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Nurturing talent in learning disabilities nursing

Student nurse, Jade Silver, who won a recent award for innovation, is a great example of the highly talented individuals ready to join the learning disabilities workforce. But with recent research warning about cuts to services and resources, what does the future hold for those about to join the profession?

Anyone involved in learning disability nursing will have been heartened to hear the recent story of Jade Silver, the University of South Wales (USW) student who recently won a best practice award for coming up with an innovative, easy-to-read guide to care and treatment plans. Jade also picked up a Nursing Times Rising Star award for developing the guide and a sensory game for people with autism to help them overcome their tactile sensitivities to different textures.

It's clear that Jade is exactly the sort of committed, inspirational person the profession needs in learning disabilities nursing jobs . Her approach and dedication to sharing best practice will make her a desirable candidate for a learning disability placement when she graduates at the end of the year. However, as with many areas of the NHS, this will be against a backdrop of extreme pressure on services across the UK. 

In November leading mental health charity Mencap warned that a shortage of learning disability nurses was putting thousands of lives at risk. And more recently, the Royal College of Nursing (RCN) has published a survey of nurses that raises serious concerns about the impact that cuts are having on the 1.5 million people in the UK who have learning disabilities.

Mencap's research revealed that 42% of NHS acute trusts don't have a learning disability liaison nurse. According to the charity, on average trusts have just 30 hours of learning disability cover and no trust has 24-hour cover. It’s clear that without additional funds channeled into mental recruitment and retention, the service could be at the point of disaster.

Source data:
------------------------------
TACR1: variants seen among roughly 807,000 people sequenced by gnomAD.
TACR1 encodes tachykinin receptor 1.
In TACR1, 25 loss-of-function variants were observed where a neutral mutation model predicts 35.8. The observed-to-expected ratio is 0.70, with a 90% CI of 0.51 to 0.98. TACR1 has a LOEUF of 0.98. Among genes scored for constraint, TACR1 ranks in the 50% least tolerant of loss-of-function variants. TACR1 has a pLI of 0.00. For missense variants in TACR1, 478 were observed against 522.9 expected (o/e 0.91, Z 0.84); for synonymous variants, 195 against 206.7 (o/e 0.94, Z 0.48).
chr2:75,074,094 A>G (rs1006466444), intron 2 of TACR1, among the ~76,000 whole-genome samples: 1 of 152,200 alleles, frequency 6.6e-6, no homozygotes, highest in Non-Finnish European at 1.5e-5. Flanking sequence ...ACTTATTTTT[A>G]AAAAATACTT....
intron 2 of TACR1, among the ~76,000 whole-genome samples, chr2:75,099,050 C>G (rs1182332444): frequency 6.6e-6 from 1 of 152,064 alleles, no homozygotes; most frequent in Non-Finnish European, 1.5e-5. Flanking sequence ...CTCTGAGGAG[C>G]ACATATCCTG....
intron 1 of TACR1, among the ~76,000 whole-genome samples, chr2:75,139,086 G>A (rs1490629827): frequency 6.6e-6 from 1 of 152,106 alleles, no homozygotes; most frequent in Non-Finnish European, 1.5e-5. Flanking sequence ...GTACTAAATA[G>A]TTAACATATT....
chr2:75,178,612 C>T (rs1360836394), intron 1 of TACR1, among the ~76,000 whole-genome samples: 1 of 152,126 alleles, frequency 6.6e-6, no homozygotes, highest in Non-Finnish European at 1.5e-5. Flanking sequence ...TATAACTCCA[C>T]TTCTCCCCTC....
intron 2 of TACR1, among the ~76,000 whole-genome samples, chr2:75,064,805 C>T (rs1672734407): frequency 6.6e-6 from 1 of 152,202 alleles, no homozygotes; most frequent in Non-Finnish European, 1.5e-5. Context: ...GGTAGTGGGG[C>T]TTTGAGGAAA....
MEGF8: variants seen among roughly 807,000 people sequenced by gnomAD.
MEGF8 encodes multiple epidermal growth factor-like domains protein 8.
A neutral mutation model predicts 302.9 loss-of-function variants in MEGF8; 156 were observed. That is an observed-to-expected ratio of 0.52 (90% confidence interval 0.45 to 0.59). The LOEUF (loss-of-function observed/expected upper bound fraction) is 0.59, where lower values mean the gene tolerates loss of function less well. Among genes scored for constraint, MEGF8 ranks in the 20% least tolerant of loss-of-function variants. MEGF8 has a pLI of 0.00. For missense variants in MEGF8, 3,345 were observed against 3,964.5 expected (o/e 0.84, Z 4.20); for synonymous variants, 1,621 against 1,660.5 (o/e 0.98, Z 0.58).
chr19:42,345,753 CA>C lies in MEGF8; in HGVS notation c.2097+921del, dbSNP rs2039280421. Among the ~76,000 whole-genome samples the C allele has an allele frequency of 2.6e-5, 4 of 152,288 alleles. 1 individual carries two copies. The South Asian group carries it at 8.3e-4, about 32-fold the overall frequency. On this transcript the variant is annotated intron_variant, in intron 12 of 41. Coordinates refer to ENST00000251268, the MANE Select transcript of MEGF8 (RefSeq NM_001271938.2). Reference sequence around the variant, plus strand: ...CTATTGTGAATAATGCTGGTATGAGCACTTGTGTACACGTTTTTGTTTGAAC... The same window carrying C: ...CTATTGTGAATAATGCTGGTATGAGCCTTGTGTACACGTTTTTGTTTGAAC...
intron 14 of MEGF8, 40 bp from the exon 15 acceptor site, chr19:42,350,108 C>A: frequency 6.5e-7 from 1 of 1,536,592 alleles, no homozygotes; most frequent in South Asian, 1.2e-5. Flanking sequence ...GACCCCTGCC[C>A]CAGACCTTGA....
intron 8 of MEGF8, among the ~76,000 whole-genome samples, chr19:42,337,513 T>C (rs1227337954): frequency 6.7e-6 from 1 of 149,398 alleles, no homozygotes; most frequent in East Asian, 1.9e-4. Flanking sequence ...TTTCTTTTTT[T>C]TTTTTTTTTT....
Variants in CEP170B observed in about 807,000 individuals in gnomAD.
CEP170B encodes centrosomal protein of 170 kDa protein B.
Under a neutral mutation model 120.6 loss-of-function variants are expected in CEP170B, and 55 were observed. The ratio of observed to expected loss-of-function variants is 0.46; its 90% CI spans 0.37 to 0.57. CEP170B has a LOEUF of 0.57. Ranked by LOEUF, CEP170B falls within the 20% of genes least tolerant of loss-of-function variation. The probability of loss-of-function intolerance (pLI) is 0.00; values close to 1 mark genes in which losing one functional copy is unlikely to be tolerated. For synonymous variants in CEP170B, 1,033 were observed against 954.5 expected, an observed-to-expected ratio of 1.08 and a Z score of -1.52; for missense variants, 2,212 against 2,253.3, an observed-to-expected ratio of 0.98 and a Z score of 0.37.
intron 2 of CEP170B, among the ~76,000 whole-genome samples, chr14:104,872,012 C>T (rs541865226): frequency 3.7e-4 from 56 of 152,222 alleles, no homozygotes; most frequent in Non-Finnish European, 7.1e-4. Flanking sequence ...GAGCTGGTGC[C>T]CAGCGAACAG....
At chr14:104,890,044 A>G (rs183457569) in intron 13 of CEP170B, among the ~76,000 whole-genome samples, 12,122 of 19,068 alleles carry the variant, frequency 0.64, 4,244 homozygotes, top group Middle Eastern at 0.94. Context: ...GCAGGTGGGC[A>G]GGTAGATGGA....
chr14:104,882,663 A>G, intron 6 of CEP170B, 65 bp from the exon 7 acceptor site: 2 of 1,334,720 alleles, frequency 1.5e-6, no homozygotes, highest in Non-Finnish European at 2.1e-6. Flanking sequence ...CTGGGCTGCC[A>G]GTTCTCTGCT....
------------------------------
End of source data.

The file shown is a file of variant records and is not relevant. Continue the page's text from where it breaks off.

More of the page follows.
The RCN survey found that 71% of learning disability nurses have seen cuts to services and 50% are concerned for the safety of patients. The College cites official statistics that show 21% of learning disability nursing posts in the NHS have been lost since 2010. "These nurses are at the forefront of health and social care integration, and need to be valued and supported," said Dr Peter Carter, RCN Chief Executive and General Secretary.

The good news is that transforming care for people with learning disabilities is one of the 10 priorities in the NHS England 2015/16 business plan, which follows on from the Five Year Forward View published in October last year. In January 2015, Transforming Care for People with Learning Disabilities – Next Steps set out what would be done urgently to address issues raised in Sir Stephen Bubb's earlier review of learning disability services. In July, a progress report showed what has been achieved in five key areas:

  • a public consultation on the Government’s Green paper to strengthen individuals rights
  • developing care and treatment reviews and an admissions gateway to prevent unnecessary hospital admissions and lengthy hospital stays
  • a fast-track programme to test and accelerate service re-design, including a new best practice service model for commissioners
  • testing of a new competency framework for staff to ensure the right skills  are in the right place
  • a more robust way of collecting and sharing data to track progress

Strengthening the 'capacity, capability, quality and leadership' of the learning disabilities nursing profession is also an important objective. As part of NHS England’s ‘Safer Staffing’ programme, new workforce planning tools are being developed to support services in assessing staffing requirements for learning disabilities community teams.  In addition, Health Education England has been working with its Transforming Care partners to make sure that development of the learning disabilities workforce supports the wider service re-design across health and social care. This should help mental health practitioners cooperate with staff across the NHS from frontline doctors to BMS specialists to provide the best possible treatment.

It's very encouraging that institutions such as USW are turning out such high-quality nursing graduates. (Learning disability nursing lecturer Victoria Jones also recently won a Student Nursing Times Educator of the Year award for her inspirational teaching style.) And with the obvious commitment of the NHS to significant improvements in learning disabilities care, the talent, imagination and commitment of its workforce will hopefully continue to be supported and developed.

Find out more about Jade Silver's innovative guide for people with learning disabilities here.

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